The Houston City Council met on Monday, May 8 at the Houston City Hall. In attendance were Houston City Administrator Peterson, Deputy Clerk Hegland, Mayor Olson, and Council members Knutson, Sanden, Krage, and Schutte. Following a Board of Appeal and Equalization meeting regarding property classification and valuation, the meeting began at 6:13 p.m.
Following the Pledge of Allegiance, the council opened the meeting to public comment, then moved on to the business on the agenda. First, the council approved a proposed “zip line” for the Houston Nature Center. The council heard from a citizen who was constructing a play house at the site, who explained how the idea for the zip line came about, along with supplying diagrams of the proposed structure. He mentioned that the structure would not technically be considered a zip line, but would instead fall under the heading of “minor playground equipment like climbing walls” for insurance purposes. The proposed structure is much closer to the ground that a proper zip line, and Administrator Peterson noted that it would be classified more as a “modified swing set.” After looking over the schematic and asking a few questions regarding safety and the design of the handles, the council voted unanimously to approve the construction of the zip line structure.
The council then heard a proposal regarding the replacement of the park entrance sign for the Nature Center off of Highway 76. Administrator Peterson related that the city received an offer from the State Health Improvement Program to fund $1,500. Peterson noted that they had received funds from the SHIP program in the past, and the remainder of the sign will be paid for by the Friends of the Nature Center. Of note was a feature of the sign that allowed upcoming events to be attached and slotted in and out to promote each in turn. The council were unanimous in approving the construction of the sign.
Next, Administrator Peterson asked the council to approve the installation of an air exchanger for the city hall building. Peterson cited concerns due to the lack of windows and air movement in the building, particularly with the ambulance exhaust coming in from the attached garage. The council moved and approved the proposal unanimously. Peterson then explained that the computer used by city Finance Director Larry Jerviss was beginning to run loudly, and asked the council approve the purchase of a new computer before this one suffered a possible crash. The computer was originally purchased in 2009, and Peterson estimated a replacement desktop model with all necessary software would run around $700. Peterson mentioned that the plan is to replace one computer at a time as the devices age, rather than having to wait until they all need replacement. The council unanimously approved Peterson replacing the computer for the Finance Director.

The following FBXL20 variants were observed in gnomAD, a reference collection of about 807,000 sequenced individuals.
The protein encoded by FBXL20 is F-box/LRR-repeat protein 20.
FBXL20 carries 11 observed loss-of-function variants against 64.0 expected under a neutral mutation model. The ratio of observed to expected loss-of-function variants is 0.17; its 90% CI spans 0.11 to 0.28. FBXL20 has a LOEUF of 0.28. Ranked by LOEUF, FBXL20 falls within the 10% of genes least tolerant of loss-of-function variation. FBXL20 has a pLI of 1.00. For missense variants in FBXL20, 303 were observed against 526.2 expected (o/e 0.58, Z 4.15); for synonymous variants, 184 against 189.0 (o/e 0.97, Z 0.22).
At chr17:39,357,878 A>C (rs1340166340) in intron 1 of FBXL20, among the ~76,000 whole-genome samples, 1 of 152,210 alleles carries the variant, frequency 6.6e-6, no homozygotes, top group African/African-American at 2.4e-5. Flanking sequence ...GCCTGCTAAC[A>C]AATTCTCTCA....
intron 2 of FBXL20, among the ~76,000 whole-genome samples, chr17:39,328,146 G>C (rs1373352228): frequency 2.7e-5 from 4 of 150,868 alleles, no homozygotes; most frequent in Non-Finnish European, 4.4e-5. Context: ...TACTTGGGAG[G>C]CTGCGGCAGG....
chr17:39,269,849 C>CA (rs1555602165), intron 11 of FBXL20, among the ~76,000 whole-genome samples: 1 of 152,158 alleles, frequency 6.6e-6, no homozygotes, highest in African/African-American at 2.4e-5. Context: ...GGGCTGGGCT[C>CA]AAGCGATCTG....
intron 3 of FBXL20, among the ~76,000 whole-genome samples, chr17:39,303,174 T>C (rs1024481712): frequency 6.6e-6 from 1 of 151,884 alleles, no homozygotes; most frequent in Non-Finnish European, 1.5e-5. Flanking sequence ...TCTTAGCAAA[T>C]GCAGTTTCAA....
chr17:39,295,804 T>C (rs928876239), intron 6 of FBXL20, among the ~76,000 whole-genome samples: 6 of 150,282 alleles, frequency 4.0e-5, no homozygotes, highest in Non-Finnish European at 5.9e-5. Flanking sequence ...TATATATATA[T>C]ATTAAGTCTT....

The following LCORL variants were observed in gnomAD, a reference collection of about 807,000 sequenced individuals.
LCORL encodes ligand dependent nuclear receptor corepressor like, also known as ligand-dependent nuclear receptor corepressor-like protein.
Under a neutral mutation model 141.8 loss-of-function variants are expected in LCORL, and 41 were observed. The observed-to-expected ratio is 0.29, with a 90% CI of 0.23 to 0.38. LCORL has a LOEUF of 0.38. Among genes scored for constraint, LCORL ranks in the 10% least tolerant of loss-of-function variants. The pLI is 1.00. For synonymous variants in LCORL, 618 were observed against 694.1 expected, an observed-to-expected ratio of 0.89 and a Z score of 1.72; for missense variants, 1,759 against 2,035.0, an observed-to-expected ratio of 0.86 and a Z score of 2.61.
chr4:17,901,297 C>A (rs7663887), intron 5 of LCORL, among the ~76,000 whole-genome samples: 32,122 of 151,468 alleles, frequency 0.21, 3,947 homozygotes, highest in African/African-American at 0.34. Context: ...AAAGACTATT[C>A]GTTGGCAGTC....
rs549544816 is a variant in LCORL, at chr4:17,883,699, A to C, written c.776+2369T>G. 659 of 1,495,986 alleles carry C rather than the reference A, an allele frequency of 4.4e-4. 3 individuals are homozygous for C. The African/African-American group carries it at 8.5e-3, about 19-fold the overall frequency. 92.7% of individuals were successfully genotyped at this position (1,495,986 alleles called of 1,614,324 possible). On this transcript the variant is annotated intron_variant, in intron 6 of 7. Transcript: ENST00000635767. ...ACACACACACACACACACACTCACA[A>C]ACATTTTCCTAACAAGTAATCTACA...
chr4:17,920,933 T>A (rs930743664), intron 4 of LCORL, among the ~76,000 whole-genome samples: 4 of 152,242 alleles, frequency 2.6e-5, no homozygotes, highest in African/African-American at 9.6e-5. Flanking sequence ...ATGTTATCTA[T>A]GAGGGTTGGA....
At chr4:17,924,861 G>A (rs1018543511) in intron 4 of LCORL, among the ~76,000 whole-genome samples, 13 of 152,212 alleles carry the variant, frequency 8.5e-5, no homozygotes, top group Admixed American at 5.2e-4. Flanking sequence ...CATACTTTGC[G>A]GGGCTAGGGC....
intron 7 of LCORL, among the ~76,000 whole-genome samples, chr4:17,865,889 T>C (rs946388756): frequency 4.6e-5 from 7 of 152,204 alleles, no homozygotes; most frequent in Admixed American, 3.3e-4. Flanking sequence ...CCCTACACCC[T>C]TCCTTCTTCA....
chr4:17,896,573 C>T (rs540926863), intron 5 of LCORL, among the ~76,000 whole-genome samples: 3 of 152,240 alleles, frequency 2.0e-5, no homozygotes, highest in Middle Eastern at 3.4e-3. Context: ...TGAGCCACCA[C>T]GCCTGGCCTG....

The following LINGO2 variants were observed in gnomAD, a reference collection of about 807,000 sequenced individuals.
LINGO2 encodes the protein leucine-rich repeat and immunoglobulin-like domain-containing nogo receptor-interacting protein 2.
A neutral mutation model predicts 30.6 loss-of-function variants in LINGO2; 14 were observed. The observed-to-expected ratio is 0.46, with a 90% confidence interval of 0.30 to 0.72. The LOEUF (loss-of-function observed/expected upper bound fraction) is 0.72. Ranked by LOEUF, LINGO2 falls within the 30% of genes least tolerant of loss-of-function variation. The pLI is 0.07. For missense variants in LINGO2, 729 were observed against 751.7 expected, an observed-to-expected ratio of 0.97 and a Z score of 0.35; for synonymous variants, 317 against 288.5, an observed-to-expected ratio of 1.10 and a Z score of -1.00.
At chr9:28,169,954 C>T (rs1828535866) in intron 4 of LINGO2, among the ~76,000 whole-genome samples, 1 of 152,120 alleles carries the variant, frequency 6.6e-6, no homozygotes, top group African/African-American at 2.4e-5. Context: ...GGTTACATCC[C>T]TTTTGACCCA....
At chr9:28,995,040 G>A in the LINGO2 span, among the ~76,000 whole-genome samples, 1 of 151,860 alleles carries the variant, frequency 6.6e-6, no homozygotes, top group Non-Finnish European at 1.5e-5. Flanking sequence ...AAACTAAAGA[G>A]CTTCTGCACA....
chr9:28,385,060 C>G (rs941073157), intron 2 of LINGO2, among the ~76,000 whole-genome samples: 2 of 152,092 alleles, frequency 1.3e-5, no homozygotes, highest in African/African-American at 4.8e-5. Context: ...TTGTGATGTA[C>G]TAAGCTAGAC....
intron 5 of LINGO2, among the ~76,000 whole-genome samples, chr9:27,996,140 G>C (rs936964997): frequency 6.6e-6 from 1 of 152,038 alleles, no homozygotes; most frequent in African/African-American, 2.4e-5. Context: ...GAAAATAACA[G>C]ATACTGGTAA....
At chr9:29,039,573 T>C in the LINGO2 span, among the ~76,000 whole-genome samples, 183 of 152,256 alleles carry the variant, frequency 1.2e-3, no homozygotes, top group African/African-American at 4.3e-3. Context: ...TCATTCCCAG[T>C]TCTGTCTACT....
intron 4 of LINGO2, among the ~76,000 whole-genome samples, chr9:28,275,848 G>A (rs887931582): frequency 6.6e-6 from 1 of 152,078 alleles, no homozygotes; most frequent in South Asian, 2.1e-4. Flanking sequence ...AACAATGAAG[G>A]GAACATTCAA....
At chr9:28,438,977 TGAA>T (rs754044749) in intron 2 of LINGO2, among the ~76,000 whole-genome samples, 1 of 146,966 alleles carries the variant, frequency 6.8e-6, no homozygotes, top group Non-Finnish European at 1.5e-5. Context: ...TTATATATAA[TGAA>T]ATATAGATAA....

The council then approved the city’s contract renewal with Waste Management. Administrator Peterson noted that the rates from Waste Management had been raised recently and the city prices had not yet been raised to reflect that. The council asked both the finance director and city administrator to make sure the city’s numbers matched those of Waste Management in the event of future increases. The council also unanimously approved using Flaherty and Hood as an alternate legal services firm for the city in special circumstances. Administrator Peterson requested the authorization to call upon Flaherty and Hood “if it is in the city’s best interest.” Peterson mentioned that their current legal services firm has been increasingly busy, and there are some circumstances that are time-sensitive and more of a specialty for Flaherty and Hood. Peterson replied that she would use Flaherty and Hood almost exclusively for zoning other municipal matters that are specialized to their agency, using the primary agency for real estate, prosecution, contracts, and other services.
Police Chief Breault then spoke to the council about the possibility of securing a new area for impound and storage, noting that his current area faces a danger of being overcrowded. Chief Breault said he had been working with City Maintenance Superintendent Randy Thesing in securing a new fenced-in area. Thesing explained to the council that they have scouted an area southeast of the fire station, “space you can’t really put a building on,” to use for a 50’ by 50’ square fenced area. Thesing has spoken to Moe Fencing of Holmen, Wis., who had quoted him around $5,000 for the fencing project. Thesing also mentioned that being near to the fire department would allow them to run power to the new impound area for security cameras or lights. The council agreed to table the idea until more bids can be gathered for the proposed project.
Additionally, the city heard infrastructure updates regarding the replacement of manholes on Cedar Street, the opening of bids for drinking water treatment project on June 7, and cracked curbs on Ellsworth Street. The meeting adjourned at 7:36 p.m. The Houston City Council will meet next at the Houston City Hall at 6 p.m. on Monday, June 12, 2017.